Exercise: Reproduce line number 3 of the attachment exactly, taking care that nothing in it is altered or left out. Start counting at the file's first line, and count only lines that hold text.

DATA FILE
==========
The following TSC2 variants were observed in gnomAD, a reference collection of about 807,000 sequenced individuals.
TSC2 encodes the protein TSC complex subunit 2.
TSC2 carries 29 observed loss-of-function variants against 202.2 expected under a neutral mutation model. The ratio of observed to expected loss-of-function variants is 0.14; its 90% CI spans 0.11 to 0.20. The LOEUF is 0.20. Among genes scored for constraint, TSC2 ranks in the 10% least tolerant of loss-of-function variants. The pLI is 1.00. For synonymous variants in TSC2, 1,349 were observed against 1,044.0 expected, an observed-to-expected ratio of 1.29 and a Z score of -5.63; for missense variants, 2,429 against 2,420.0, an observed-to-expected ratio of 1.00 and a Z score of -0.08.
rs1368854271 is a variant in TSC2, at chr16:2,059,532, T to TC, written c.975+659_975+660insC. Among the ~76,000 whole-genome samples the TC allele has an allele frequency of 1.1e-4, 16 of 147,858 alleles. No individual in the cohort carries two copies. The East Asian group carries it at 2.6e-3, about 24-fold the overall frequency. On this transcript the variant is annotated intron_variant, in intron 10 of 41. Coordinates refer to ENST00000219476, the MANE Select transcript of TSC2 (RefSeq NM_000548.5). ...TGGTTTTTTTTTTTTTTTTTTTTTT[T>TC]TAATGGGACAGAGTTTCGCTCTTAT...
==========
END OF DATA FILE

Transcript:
TSC2 carries 29 observed loss-of-function variants against 202.2 expected under a neutral mutation model. The ratio of observed to expected loss-of-function variants is 0.14; its 90% CI spans 0.11 to 0.20. The LOEUF is 0.20. Among genes scored for constraint, TSC2 ranks in the 10% least tolerant of loss-of-function variants. The pLI is 1.00. For synonymous variants in TSC2, 1,349 were observed against 1,044.0 expected, an observed-to-expected ratio of 1.29 and a Z score of -5.63; for missense variants, 2,429 against 2,420.0, an observed-to-expected ratio of 1.00 and a Z score of -0.08.